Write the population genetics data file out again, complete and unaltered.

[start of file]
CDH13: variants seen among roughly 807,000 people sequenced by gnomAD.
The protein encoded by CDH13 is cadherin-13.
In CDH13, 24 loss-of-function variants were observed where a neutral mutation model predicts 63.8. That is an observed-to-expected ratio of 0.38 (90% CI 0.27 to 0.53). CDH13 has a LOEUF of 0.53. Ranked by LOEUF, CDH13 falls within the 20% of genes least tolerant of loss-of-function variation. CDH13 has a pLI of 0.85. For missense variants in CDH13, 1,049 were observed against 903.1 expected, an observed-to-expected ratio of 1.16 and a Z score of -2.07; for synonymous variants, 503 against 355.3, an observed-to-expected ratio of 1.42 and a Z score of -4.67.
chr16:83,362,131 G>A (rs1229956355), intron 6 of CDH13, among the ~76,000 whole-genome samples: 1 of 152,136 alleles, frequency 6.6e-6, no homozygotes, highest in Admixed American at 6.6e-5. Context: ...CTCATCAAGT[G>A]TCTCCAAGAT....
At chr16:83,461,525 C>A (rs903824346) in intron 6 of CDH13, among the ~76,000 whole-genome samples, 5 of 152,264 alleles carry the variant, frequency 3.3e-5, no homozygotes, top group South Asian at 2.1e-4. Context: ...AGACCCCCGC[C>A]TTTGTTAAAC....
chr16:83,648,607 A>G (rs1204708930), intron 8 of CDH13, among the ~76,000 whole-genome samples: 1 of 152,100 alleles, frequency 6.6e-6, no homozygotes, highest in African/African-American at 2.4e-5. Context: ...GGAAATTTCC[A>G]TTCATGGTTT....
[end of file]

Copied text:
CDH13: variants seen among roughly 807,000 people sequenced by gnomAD.
The protein encoded by CDH13 is cadherin-13.
In CDH13, 24 loss-of-function variants were observed where a neutral mutation model predicts 63.8. That is an observed-to-expected ratio of 0.38 (90% CI 0.27 to 0.53). CDH13 has a LOEUF of 0.53. Ranked by LOEUF, CDH13 falls within the 20% of genes least tolerant of loss-of-function variation. CDH13 has a pLI of 0.85. For missense variants in CDH13, 1,049 were observed against 903.1 expected, an observed-to-expected ratio of 1.16 and a Z score of -2.07; for synonymous variants, 503 against 355.3, an observed-to-expected ratio of 1.42 and a Z score of -4.67.
chr16:83,362,131 G>A (rs1229956355), intron 6 of CDH13, among the ~76,000 whole-genome samples: 1 of 152,136 alleles, frequency 6.6e-6, no homozygotes, highest in Admixed American at 6.6e-5. Context: ...CTCATCAAGT[G>A]TCTCCAAGAT....
At chr16:83,461,525 C>A (rs903824346) in intron 6 of CDH13, among the ~76,000 whole-genome samples, 5 of 152,264 alleles carry the variant, frequency 3.3e-5, no homozygotes, top group South Asian at 2.1e-4. Context: ...AGACCCCCGC[C>A]TTTGTTAAAC....
chr16:83,648,607 A>G (rs1204708930), intron 8 of CDH13, among the ~76,000 whole-genome samples: 1 of 152,100 alleles, frequency 6.6e-6, no homozygotes, highest in African/African-American at 2.4e-5. Context: ...GGAAATTTCC[A>G]TTCATGGTTT....